The muscles which comprise what we commonly refer to as the "groin' are actually a set of five different muscles called the "adductor muscle group." These six muscles span the distance from the femur (or thigh bone) to the inner pelvis, and are used in pulling the legs together and assisting the movements of the hip joint. Athletes of all varieties rely heavily on the adductor muscles, as do all regular pedestrians. Athletes which use these muscles most frequently, however, include swimmers, sprinters, soccer and football players.
Grades 1, 2, and 3 are the grades used to denote the varying levels of severity of groin strain. The least severe is mild in nature and the muscles remain completely intact. There may be some tearing of fibers and some discomfort but activity is not limited too extremely. Grade 2 involves more discomfort, may involve a deeper tearing of fibers, and some constraint on physical activity. Grade 3 is the most severe, causing pain during walking, swelling and muscle spasms.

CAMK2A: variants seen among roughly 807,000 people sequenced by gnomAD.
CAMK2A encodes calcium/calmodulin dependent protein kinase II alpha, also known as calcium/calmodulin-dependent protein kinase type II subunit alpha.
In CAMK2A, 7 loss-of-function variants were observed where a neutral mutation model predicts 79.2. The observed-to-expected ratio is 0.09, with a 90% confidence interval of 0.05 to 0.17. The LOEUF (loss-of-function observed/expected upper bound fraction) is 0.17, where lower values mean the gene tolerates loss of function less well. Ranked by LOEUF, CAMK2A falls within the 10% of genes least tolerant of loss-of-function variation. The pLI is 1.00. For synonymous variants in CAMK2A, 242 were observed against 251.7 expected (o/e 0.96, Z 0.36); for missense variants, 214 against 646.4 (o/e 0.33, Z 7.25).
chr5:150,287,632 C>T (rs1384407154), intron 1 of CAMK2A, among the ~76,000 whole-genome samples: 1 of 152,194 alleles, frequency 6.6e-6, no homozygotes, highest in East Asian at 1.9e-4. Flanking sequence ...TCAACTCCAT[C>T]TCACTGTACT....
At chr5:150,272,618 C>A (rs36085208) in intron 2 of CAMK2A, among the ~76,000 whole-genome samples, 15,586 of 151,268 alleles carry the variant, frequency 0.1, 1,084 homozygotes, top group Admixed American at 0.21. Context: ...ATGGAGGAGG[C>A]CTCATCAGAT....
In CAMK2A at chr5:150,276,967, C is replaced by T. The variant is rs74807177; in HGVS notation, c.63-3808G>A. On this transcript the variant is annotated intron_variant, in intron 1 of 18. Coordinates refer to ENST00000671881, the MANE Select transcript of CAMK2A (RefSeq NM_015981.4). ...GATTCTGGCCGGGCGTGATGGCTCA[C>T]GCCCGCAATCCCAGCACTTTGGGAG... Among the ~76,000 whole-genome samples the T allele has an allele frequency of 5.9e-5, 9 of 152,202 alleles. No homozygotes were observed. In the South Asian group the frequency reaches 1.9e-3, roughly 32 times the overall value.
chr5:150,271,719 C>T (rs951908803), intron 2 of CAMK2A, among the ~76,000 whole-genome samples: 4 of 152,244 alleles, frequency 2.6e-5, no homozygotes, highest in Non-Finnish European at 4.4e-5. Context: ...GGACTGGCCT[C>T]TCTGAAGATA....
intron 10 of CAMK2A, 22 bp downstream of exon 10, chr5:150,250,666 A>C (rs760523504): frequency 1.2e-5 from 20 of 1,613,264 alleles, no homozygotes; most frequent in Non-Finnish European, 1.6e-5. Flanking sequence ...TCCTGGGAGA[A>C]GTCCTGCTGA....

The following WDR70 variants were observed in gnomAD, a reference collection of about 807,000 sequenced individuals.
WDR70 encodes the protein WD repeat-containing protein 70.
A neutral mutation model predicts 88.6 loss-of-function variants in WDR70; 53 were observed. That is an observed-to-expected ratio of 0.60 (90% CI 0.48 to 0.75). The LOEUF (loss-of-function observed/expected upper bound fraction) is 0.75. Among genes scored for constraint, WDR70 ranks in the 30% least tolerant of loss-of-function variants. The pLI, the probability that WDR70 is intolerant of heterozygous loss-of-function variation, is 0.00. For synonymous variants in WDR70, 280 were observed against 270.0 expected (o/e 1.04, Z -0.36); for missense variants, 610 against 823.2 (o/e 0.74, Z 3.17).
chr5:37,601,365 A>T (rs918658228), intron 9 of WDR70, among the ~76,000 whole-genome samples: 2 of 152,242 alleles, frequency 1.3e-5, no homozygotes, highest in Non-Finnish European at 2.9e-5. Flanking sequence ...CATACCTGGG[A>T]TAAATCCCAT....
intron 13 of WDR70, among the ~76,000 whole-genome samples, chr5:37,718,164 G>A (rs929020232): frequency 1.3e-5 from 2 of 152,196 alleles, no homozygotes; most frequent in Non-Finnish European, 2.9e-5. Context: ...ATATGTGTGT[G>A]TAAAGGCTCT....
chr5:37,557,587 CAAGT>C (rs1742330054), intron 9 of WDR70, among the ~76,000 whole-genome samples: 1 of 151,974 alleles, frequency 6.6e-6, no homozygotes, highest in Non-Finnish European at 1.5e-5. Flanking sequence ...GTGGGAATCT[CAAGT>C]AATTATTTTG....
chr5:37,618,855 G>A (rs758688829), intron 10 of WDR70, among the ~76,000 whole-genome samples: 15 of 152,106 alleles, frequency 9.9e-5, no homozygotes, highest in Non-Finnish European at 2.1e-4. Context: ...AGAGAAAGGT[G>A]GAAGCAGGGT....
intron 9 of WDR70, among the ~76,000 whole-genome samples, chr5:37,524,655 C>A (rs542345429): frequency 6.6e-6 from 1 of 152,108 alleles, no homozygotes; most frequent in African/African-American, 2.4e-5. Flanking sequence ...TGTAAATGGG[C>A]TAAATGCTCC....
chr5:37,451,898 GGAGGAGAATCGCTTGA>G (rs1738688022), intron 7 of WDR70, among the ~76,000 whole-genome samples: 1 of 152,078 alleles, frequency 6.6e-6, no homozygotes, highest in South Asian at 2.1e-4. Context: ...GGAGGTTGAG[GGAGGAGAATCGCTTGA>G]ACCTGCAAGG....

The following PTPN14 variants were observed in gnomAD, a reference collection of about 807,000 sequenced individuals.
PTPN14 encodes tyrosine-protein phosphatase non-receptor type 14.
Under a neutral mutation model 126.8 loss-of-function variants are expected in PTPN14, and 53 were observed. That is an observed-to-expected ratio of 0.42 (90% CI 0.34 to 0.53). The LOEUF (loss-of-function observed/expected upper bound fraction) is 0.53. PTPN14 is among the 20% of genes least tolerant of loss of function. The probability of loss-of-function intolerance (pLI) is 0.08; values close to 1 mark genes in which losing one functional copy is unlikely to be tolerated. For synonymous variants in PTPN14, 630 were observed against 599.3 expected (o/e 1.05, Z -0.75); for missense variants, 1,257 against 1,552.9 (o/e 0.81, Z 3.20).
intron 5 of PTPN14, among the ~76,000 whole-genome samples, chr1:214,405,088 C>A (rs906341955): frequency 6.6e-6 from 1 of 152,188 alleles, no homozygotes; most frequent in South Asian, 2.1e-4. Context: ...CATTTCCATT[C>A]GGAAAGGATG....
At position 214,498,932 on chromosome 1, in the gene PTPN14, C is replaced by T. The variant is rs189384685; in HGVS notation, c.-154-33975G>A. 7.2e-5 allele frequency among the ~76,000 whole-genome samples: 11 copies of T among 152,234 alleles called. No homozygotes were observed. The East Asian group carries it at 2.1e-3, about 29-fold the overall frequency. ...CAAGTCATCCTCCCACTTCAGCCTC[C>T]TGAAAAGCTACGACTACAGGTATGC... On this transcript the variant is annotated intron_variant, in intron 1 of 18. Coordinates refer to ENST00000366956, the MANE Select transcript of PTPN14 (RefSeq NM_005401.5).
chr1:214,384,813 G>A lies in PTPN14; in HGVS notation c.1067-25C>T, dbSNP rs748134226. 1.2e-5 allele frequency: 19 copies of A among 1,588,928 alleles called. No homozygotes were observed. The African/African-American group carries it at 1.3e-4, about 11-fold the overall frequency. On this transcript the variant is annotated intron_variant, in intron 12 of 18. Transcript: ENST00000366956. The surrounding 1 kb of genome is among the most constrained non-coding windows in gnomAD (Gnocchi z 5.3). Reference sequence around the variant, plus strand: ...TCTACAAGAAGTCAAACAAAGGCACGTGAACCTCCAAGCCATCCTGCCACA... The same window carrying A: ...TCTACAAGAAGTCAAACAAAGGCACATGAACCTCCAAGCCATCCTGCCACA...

As with any muscle strain, rest and icing are the first things to do when a groin strain occurs. The acronym commonly used for the immediate treatment of a strain is R.I.C.E. which stands for 'Rest, Ice, Compression, Elevation). Treating with anti-inflammatory medications and applying heat, or alternating between heat and ice once the injury begins to heal is also recommended.
Stretching and conditioning are vital in maintaining groin and overall muscular health. Pelvic stability exercises and physical therapy may also be recommended in the prevention and treatment of groin strain.
Aimee Boyle lives and works in CT and is a regular contributor to EmpowHer.com. She is a night-writer and a special education teacher by day.